My current Top 5

My current Top 5


Best Actress Ranking - Update

Here is a new update. The newly added performance is highlighted in bold. 

My winning performances are higlighted in red.

1. Vivien Leigh in Gone with the Wind (1939)
2. Jessica Lange in Frances (1982)
3. Gloria Swanson in Sunset Boulevard (1950)
4. Olivia de Havilland in The Heiress (1949)
5. Anne Bancroft in The Graduate (1967)
6. Janet Gaynor in Seventh Heaven (1927-1928)   
7. Glenn Close in Dangerous Liaisons (1988)
8. Geraldine Page in The Trip to Bountiful (1985)
9. Susan Sarandon in Thelma & Louise (1991)
10. Edith Evans in The Whisperers (1967)

11. Norma Shearer in Marie Antoinette (1938)
12. Greta Garbo in Ninotchka (1939)
13. Faye Dunaway in Bonnie and Clyde (1967)
14. Cate Blanchett in Elizabeth (1998)
15. Bette Davis in The Little Foxes (1941)
16. Julie Andrews in The Sound of Music (1965)
17. Rosalind Russell in Auntie Mame (1958)
18. Glenda Jackson in Women in Love (1970)
19. Joanne Woodward in The Three Faces of Eve (1957)
20. Elizabeth Taylor in Suddenly, Last Summer (1959)

21. Barbara Stanwyck in Ball of Fire (1941)
22. Julie Christie in Away from Her (2007)
23. Shelley Winters in A Place in the Sun (1951)
24. Audrey Hepburn in Wait until Dark (1967)
25. Ingrid Bergman in The Bells of St. Mary’s (1945)
26. Judi Dench in Mrs. Brown (1997)
27. Jane Fonda in Coming Home (1978)
28. Greer Garson in Goodbye, Mr. Chips (1939)
29. Doris Day in Pillow Talk (1959)
30. Meryl Streep in One True Thing (1998)

31. Deborah Kerr in From Here to Eternity (1953)
32. Katharine Hepburn in Guess who’s coming to dinner (1967)
33. Marsha Mason in Chapter Two (1979)
34. Jane Wyman in The Yearling (1946)
35. Teresa Wright in The Pride of the Yankees (1942) 
36. Jennifer Jones in Love Letters (1945)
37. Ellen Burstyn in Same Time, Next Year (1978)
38. Susan Hayward in My Foolish Heart (1949)
39. Vanessa Redgrave in Mary, Queen of Scots (1971)
40. Diane Keaton in Marvin's Room (1996)

41. Loretta Young in Come to the Stable (1949)  
42. Mary Pickford in Coquette (1928-29)
43. Sissy Spacek in The River (1984)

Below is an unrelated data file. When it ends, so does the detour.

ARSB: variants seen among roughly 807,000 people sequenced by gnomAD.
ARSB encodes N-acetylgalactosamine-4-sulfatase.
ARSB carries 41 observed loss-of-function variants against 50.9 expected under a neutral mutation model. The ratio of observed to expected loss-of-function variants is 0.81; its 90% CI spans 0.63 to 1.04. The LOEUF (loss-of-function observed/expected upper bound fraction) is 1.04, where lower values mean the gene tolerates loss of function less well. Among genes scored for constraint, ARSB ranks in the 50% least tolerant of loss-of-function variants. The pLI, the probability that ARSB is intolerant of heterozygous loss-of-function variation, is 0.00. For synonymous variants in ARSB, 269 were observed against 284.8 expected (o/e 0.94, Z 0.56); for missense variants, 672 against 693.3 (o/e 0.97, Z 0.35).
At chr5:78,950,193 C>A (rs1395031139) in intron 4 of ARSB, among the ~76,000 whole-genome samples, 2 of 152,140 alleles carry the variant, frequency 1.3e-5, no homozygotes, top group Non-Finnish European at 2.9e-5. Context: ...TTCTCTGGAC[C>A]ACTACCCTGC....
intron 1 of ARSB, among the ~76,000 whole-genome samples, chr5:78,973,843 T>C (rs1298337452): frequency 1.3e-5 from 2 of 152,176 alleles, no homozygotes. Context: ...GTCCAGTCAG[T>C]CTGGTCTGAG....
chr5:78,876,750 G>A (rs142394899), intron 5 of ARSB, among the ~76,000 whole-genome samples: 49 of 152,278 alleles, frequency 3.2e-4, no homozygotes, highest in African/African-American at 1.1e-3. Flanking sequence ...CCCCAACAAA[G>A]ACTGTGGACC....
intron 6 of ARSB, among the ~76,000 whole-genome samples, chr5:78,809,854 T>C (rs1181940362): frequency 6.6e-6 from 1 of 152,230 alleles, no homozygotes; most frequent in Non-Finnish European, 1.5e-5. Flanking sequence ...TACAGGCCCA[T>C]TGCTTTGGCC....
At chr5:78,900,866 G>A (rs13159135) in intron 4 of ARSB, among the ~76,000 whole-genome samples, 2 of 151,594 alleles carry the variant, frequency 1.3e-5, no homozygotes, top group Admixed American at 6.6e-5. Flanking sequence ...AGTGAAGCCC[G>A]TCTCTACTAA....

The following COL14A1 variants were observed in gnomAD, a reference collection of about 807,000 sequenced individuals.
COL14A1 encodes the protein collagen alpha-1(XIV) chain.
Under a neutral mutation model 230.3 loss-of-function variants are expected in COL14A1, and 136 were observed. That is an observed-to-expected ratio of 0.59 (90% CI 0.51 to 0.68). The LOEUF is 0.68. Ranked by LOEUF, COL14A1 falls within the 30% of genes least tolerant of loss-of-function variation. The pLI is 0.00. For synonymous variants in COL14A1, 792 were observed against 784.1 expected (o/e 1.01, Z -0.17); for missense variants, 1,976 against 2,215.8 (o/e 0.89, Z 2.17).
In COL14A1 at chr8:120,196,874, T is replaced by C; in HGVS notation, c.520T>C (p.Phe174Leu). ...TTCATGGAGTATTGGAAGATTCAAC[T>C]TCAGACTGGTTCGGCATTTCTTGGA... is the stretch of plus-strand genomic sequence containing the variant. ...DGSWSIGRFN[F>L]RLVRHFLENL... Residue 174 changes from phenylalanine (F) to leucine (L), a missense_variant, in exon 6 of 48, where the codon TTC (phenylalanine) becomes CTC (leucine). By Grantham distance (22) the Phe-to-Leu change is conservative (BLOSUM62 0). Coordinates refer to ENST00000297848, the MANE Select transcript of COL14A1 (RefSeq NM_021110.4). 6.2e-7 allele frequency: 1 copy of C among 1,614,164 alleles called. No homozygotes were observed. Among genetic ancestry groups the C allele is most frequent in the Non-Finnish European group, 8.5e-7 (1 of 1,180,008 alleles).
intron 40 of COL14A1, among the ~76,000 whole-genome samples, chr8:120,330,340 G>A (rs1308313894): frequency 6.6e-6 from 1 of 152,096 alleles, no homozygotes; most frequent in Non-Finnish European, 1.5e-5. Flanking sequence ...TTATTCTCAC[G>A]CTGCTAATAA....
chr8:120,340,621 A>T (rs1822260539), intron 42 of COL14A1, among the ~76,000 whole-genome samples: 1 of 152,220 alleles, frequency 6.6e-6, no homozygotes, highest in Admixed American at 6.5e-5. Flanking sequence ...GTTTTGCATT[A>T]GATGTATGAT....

44. Shirley MacLaine in The Turning Point (1977)
45. Irene Dunne in Cimarron (1930-1931)
46. Diana Wynyard in Cavalcade (1932-1933)

Jane Wyman as Orry Baxter in The Yearling

My ranking of Jane Wyman’s first Oscar-nominated performance probably suggests that I like her less than I actually do. Her position my seem pretty low at the moment but this does not mean that I do not appreciate her work overall. In fact, her performance is one of the most confusing that is included in this ranking so far – because I think that Jane Wyman is actually the best thing about her movie. Well, this can easily be explained by saying that The Yearling is then clearly not a very good movie. After all, I often praise performances for being the best aspect of their picture because it happens quite often that you can find a tour de force in a movie that doesn’t seem worth it – from Meryl Streep in Sophie’s Choice to Charlize Theron in Monster, many pictures don’t have much to offer besides the performance at its center. But in the case of The Yearling, this is actually not true – even though a movie about a little boy and its fawn sounds like cinematic poison to me, the finished product is actually a rather harmless and sometimes even engaging movie with beautiful images and a central child performance that is as confusing to me as the work of Jane Wyman. One the one hand, the dramatic scenes of the boy at the end are truly laughable but on the other hand he shows such dedication and earnestness in his work that I end up actually liking him and caring about him. So, it seems that Jane Wyman is the best part of a rather good movie and yet I still don’t seem to truly admire her work. Let me try to explain…